Skip to main content
Home » Vaccine Awareness » Leading the Way During the COVID-19 Pandemic

During the COVID-19 pandemic, public health is more important than ever. 

Public health directors and advisors make frequent appearances in the media for their leadership and expertise, while their colleagues are hard at work behind the scenes. These efforts are helping make our communities safer and healthier, taking pressure off of front-line healthcare workers.

Branches of public health

Public health employees have been hard at work since day one of the crisis. Emergency response directors play a vital role in planning, coordinating community responses, and guiding communities in implementing and maintaining social distancing policies. Their jobs include helping essential businesses set operating procedures to protect employees and customers, such as closing early for sanitation and establishing shopping hours for high-risk individuals.

Meanwhile, epidemiologists and biostatisticians collect and analyze data from case details around the world to learn about the disease and develop future projections. “Where are these cases coming from? Why did they come from there? Who’s most at risk?” says Jason Robertson, associate professor and chair of South University’s Public Health programs and a 20-year veteran of the public health field. “The epidemiologists and biostatisticians are the ones figuring all that out.” 

The resulting models look at the effects of different scenarios and protective actions, demonstrating potential outcomes on communities and healthcare systems. They share the projections with stakeholders such as health educators, policymakers, government leaders, public health administrators, and other healthcare professionals to inform critical public health decisions.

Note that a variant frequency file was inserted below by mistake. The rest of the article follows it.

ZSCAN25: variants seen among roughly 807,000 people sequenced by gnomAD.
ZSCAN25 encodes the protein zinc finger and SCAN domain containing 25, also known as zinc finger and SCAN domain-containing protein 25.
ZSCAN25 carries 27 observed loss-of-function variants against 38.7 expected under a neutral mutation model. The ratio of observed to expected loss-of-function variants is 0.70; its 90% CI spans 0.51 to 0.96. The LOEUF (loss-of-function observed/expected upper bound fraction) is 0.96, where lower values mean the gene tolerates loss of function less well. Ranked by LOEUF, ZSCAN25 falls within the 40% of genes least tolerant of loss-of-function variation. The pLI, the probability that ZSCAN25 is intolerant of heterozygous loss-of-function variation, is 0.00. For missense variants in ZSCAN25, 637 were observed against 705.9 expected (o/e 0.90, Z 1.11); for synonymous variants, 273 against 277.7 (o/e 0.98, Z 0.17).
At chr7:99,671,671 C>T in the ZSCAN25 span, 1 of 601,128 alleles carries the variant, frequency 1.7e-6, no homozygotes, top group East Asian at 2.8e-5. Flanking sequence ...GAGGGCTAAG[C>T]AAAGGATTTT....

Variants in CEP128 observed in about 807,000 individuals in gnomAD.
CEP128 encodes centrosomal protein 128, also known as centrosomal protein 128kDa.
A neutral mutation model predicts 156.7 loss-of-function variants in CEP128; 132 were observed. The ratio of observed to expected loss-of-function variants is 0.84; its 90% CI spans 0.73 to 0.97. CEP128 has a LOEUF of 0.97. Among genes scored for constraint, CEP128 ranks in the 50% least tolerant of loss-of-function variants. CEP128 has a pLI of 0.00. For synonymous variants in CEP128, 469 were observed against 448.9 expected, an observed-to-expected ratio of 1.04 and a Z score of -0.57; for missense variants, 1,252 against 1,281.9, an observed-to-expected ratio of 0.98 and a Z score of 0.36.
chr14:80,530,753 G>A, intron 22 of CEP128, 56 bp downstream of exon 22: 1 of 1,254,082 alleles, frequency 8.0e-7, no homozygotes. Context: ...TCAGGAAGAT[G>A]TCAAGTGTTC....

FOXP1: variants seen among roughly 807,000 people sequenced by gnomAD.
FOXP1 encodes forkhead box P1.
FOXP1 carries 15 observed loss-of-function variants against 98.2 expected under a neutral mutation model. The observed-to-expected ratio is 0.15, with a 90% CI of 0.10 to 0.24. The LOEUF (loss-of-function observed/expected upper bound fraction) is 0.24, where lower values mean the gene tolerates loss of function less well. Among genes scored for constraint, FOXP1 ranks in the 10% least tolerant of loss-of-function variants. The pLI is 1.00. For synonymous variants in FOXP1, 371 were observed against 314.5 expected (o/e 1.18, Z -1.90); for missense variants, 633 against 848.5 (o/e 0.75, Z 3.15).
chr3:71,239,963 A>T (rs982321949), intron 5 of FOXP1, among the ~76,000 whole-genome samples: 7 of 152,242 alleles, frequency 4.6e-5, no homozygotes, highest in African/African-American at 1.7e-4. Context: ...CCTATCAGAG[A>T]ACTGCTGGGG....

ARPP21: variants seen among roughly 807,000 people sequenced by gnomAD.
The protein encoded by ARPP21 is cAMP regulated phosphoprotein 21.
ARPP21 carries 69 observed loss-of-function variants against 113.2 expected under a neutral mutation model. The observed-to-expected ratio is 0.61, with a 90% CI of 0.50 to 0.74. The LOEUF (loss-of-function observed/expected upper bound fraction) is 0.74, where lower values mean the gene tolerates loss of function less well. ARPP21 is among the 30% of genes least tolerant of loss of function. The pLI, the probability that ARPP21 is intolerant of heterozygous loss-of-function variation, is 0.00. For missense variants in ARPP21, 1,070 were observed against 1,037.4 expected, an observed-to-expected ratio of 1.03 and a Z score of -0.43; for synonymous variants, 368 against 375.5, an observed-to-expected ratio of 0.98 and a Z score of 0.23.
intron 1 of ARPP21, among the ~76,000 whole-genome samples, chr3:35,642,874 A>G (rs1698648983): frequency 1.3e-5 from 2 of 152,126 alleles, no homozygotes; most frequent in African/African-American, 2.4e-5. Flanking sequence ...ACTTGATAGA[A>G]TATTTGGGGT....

Public health educators and communicators disseminate relevant information, covering everything from hand-washing best practices to advice on how to cope with stress. “The #AloneTogether commercials are an example of a public health campaign,” Robertson says. “Health educators and health communicators develop these and other campaigns to get out precise and accurate information so that people understand what’s happening and what to do.” 

Those in public health policy are investigating how COVID-19 is impacting other aspects of healthcare. Topics they review include if care providers are offering effective telehealth services, if insurance companies cover telehealth, how organizations handle sick leave, and what the overall impact is of these decisions on society. What policies would be most beneficial to people right now and into the future as our society recovers? People working in public health policy aim to find out.

Protecting public health

Public health professionals are united by the central tenet of the field — a dedication to protecting the health of people in their communities. The goal of public health is always to improve society’s quality of life. Even before coronavirus, public health professionals had been working to understand and address the causes of health conditions and disparities and find innovative ways to promote healthy behaviors through educational programs, community outreach, and policy. 

“Public health professionals support health in its broadest terms — social, mental, and emotional. We look at the environment in which a person lives along with the policies that impact individuals,” Robertson explains. “We study and solve health problems in an ecological framework that involves more than just what one thing is affecting you at this moment.” 

In the difficult road ahead, public health professionals will continue to be involved in the work towards a vaccine, tracking the virus, and the eventual relaxing of guidelines for businesses and communities when it is safe to do so. 

Because of the efforts of public health professionals, there has been meaningful change in the United States to help flatten the curve and slow the spread of coronavirus, saving lives and protecting communities. The field of public health is invaluable to towns, states, and the country. There is much uncertainty still ahead, but public health professionals will continue to show up every day to fight for the safety of people and communities.

Next article